Diagnosis and differential

Table 25.3 Differential diagnosis of colitis

Infectious etiologies




Escherichia coli 0157: H7 and other enterohemorrhagic E. coli

Clostridium difficile



Entamoeba histolytica


Herpes simplex virus



HIV and HIV-related opportunistic infections Other

Ulcerative colitis Crohn's disease Henoch-Schönlein purpura Hemolytic uremic syndrome Intestinal ischemia Intussusception

Allergic colitis (primarily in infancy) Hirschsprung's enterocolitis (primarily in infancy)

Differential diagnosis

The diagnosis of ulcerative colitis is established by the information gathered from a detailed symptom and family history, physical examination, and a combination of laboratory, radiological, endoscopic and histological findings. It is important to exclude other etiologies, such as an infectious process, and to distinguish ulcerative colitis from Crohn's disease. Colonic inflammation is typically characterized by bloody diarrhea with abdominal cramping. The differential diagnosis of colitis depends upon the age of the child at the time of evaluation. In infancy, necrotizing enterocolitis, Hirschsprung's enterocolitis and allergic colitis are common. In contrast, in the older child and adolescent, enteric infection and IBD are the most common diagnoses. Causes of colitis are listed in Table 25.3. In patients with painless rectal bleeding, other conditions (Meckel's diverticulum, polyp) should be considered. In addition to details of the clinical presentation, the history should include family history, recent antibiotic therapy, infectious exposures, growth and sexual development and the presence of extraintestinal manifestations of ulcerative colitis. Physical examination should include assessment of height, weight and body mass index; abdominal distension, tenderness, or mass; extraintestinal manifestations (e.g. aphthous stomatitis, pyoderma gangrenosum, uveitis or arthritis); and fecal blood on rectal examination, perianal abnormalities (e.g. fistulae, fissures or tags). Findings on physical examination may help to distinguish ulcerative colitis from Crohn's disease; for example, pronounced growth failure or a perianal abscess strongly suggests the diagnosis of Crohn's disease. A severely ill child with ulcerative colitis may have tachycardia, orthostatic hypotension, fever, or dehydration.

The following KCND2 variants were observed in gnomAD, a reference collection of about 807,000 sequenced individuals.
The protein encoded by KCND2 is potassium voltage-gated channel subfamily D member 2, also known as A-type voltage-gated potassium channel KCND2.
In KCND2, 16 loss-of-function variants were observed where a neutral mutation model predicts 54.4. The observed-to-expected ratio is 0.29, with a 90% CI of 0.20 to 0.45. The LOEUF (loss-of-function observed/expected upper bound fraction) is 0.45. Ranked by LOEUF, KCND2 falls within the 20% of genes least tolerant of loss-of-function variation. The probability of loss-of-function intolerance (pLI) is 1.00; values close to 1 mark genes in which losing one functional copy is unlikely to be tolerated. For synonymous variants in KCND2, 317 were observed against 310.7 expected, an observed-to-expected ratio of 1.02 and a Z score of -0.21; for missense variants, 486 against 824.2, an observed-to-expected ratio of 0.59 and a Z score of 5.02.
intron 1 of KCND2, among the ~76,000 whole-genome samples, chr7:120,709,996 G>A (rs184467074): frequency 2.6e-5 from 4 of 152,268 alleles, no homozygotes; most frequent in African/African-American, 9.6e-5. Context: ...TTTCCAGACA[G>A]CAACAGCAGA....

Such findings in the presence of abdominal distension and a concerning abdominal examination, may herald a fulminant presentation of ulcerative colitis with increased risk of developing toxic megacolon.

Laboratory assessment

Initial laboratory evaluation should include appropriate blood tests, stool for occult blood, Clostridium difficile toxin assay and stool cultures. A complete blood cell count with differential may reveal a leukocytosis with or without left shift, anemia, or thrombocytosis. Thrombocytosis, hyp-oalbuminemia and elevated erythrocyte sedimentation rate (ESR) or C-reactive protein (CRP) may indicate increased disease activity.61-63 The presence of anemia with low mean corpuscular volume (MCV), wide red cell distribution width (RDW) and low iron levels may indicate an iron-deficient anemia secondary to ongoing fecal blood losses or the anemia of chronic disease. Children with significant mucosal inflammation may have normal laboratory test results. In a study of children with ulcerative colitis or Crohn's colitis, 13 of 36 patients with ulcerative colitis (36%) had normal blood test results, including seven of 28 ulcerative colitis patients with macroscopic findings (obvious abnormalities) on colonoscopy, and 12 of 31 ulcerative colitis patients with histological moderate or severe chronic inflammation.63 Stool examination should rule out possible enteric infections (see Table 25.3). In sexually active patients, rectal cultures for gonorrhea should be considered. In ulcerative colitis, Gram stain or methylene blue stain of stools may identify leukocytes.

It has been proposed that certain serum antibodies may be helpful for screening for IBD and discriminating ulcerative colitis from Crohn's disease.64,65 Perinuclear antineutrophil cytoplasmic antibodies (P-ANCA) are seen in 60-80% of adults with ulcerative colitis compared to 10-27% of adults with Crohn's disease.64,66,67 Similarly, anti-Saccharomyces cerevisiae antibodies (ASCA) are commonly found in individuals with Crohn's disease but are rarely seen in ulcerative colitis. In a study of 173 children, ASCA yielded a sensitivity of 55% and specificity of 95% for Crohn's disease, and ANCA had a sensitivity of 57% and specificity of 92% for ulcerative colitis.64 In a study of 128 pediatric patients undergoing evaluation for IBD, Dubinsky et al utilized modified cutoff values to optimize the sensitivity of the ASCA and ANCA assays. For the combination of ASCA and P-ANCA, the sensitivity of detecting IBD increased to 81% with the modified values compared to the 69% with standard cut-off values; however, this was accompanied by an increase in false-positive rates among the children without IBD.65 An overlap of ASCA and P-ANCA positive serology between patients with Crohn's disease or ulcerative colitis remains. In particular, P-ANCA tends to test positive in the serum of patients with Crohn's disease who exhibit ulcerative colitis features.64,68 The value of these tests to supplement the routine diagnostic tests in IBD is a subject under study.